Despite a significant drop in passengers, the Charlottesville-Albemarle Airport officials says it has a lot to be thankful for in the new year.
“I believe that going into the new year, we’re going to be turning the corner, especially with the vaccine,” CHO Executive Director Melinda Crawford said. “And it’s not just airports; it’s our economy and the general conditions of our environment right now.”
The airport has remained open throughout the pandemic, and it has made a number of changes to the facility and its cleaning protocols to help prevent the spread of COVID-19. Still, passenger numbers have dropped by about 60% to 70%, officials said.
Nationally, the Sunday after Thanksgiving was the busiest air travel day since the pandemic started, according to the numbers from the Transportation Security Administration.
Crawford has a saying she shares regularly — “when you see one airport, you’ve seen one airport” — and said that recovery at airports across the country has varied depending on how much the area has opened up and the kind of passengers they typically serve.
“We’re not behind the curve; we’ve been about with the industry,” she said. “We’re just not one of those airports that [is] experiencing the significant recovery and a quick recovery.”
CHO had been steadily seeing increases in passengers departing from and arriving at the airport over the last 10 years.
As the Christmas and New Years holidays near, airports are anticipating an increase in passengers, while health officials are asking people to stay home or, if they do decide to travel, take extra precautions.
The Thomas Jefferson Health District is recommending people stay home and celebrate the holidays virtually, while the Centers for Disease Control and Prevention recommend postponing travel and staying home
Locally, cases have steadily risen, with 1,233 new cases reported in the health district this month, already making December the month with the highest number of new cases since the pandemic began.
If people do decide to gather, health officials recommend people keep groups small, stay local and stay outside, while wearing masks and social distancing.
AAA is projecting that the number of holiday travelers in Virginia between Dec. 23 and Jan. 3 will be down 30.7% this year compared with 2019, and that airline travel will be down 60%, according to a news release.
At CHO, airport staff are continuously cleaning throughout the day, Crawford said, and are fogging with sanitizing agents every night.
“We’ve made improvements to our building and our HVAC system — we put UV lighting systems in it that kills germs,” she said.
TSA recently installed new acrylic shields at the security checkpoint at CHO in areas where TSA officers typically interact with passengers, including the travel document checking podiums, areas where travelers prepare their carry-on items for X-ray screening and the search areas.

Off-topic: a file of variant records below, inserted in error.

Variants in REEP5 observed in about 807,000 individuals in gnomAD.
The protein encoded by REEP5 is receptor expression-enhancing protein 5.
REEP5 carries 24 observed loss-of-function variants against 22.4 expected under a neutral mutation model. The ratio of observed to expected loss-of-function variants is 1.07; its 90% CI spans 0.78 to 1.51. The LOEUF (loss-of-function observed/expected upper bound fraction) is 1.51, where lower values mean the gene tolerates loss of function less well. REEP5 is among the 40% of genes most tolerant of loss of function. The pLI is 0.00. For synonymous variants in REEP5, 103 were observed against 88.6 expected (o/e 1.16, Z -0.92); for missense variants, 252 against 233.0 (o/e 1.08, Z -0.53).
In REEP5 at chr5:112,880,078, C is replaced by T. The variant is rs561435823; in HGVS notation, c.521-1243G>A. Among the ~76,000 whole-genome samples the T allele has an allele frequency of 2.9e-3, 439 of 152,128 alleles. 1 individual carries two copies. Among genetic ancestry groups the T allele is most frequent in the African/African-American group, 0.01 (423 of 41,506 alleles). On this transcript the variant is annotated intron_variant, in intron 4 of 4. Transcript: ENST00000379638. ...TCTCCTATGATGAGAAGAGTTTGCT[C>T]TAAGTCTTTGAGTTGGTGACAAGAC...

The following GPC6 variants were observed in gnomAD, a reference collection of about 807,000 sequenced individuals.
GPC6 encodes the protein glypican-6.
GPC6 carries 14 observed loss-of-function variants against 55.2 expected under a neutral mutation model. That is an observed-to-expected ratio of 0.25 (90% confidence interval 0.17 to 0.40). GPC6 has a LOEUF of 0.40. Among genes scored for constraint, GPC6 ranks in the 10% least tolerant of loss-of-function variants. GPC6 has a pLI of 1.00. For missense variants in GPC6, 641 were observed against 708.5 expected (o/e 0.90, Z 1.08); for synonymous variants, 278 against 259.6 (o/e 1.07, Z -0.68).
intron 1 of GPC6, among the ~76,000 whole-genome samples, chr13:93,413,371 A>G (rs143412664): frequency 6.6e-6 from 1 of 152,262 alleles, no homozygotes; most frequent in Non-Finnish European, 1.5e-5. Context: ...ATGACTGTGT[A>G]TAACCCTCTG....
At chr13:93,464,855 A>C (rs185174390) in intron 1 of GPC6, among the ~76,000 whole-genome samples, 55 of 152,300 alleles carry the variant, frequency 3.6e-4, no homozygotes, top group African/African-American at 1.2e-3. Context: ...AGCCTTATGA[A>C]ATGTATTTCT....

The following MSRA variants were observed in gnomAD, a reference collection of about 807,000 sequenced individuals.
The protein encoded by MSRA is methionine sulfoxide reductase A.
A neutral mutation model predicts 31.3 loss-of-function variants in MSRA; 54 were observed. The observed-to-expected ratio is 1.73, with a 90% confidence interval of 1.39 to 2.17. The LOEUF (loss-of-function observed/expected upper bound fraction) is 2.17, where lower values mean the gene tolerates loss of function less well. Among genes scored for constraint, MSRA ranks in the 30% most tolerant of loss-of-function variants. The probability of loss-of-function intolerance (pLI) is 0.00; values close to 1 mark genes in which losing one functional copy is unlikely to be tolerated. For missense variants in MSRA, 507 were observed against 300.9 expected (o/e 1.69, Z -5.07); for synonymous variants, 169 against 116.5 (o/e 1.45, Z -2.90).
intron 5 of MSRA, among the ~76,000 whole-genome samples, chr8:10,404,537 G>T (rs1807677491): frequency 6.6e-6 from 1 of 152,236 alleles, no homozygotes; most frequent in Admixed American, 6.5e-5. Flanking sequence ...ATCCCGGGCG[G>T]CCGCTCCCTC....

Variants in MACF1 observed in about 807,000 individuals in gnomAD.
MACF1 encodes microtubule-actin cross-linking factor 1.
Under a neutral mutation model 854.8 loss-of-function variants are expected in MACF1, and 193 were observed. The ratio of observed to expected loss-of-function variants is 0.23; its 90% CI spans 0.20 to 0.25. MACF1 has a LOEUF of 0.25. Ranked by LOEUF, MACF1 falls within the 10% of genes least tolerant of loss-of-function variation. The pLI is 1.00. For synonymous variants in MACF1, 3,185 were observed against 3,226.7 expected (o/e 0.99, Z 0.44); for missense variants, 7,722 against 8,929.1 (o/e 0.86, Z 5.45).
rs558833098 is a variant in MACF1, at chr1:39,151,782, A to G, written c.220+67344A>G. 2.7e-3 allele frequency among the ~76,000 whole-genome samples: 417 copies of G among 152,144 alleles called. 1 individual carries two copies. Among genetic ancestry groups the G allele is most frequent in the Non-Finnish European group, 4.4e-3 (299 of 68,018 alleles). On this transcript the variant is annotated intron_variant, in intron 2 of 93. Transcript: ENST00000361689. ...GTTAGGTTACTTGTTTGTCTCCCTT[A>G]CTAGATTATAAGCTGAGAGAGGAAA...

“The installation of these shields is just one of many initiatives that TSA has put in place with the goal of reducing the likelihood of cross contamination among travelers and employees,” said Chuck Burke, TSA’s Federal Security Director for the airport, in a news release. “These shields provide an additional layer of protection to help reduce the spread of the coronavirus.”
Earlier this year, CHO received about $6.3 million from the CARES Act, which Crawford said is almost depleted. She said they were able to keep all staff onboard during the pandemic, and cut some costs by not filling some vacant positions.
“This money has truly been a lifeline,” she said. “ … I’m hopeful that there will be an additional CARES Act coming forward in the future, because I think everybody realizes that probably one of the worst industries hit besides tourism and the restaurant industry has been the airline industry.”
As airlines decreased service, CHO saw a 97% drop in passengers in April, but has started to see more passengers return to the skies in recent months.
“An airport can only grow according to the amount of seats that are being provided by the airlines in that community … and just like every airport across the country, our service has been reduced,” she said.
American Airlines, Delta Air Lines and United Airlines are still operating out of the airport, but are mainly flying to Charlotte, Atlanta and Washington, D.C., respectively.
The decrease in passengers has allowed the airport to complete some small maintenance projects, but the pandemic will also modify or delay some larger plans.
The airport was able to finish one large capital project during the pandemic — adding four aircraft parking spaces to its air carrier apron.
Crawford said the airport is moving forward with a planned airport terminal area master plan, but the timing for any potential projects in the plan will now be based on the number of passengers returning to at least pre-pandemic levels instead of a set timeline.
Parking expansion plans are also being delayed. The airport had been planning to build a four-story parking garage.
“While it’s still something that we’re looking at, we’re not moving forward with it right now,” she said.
Crawford said the pandemic is another storm that the airport has had to weather.
“We’re ready to serve our passengers,” she said. “We’ve been ready to soar, and we’re continuing to get ready to soar again.”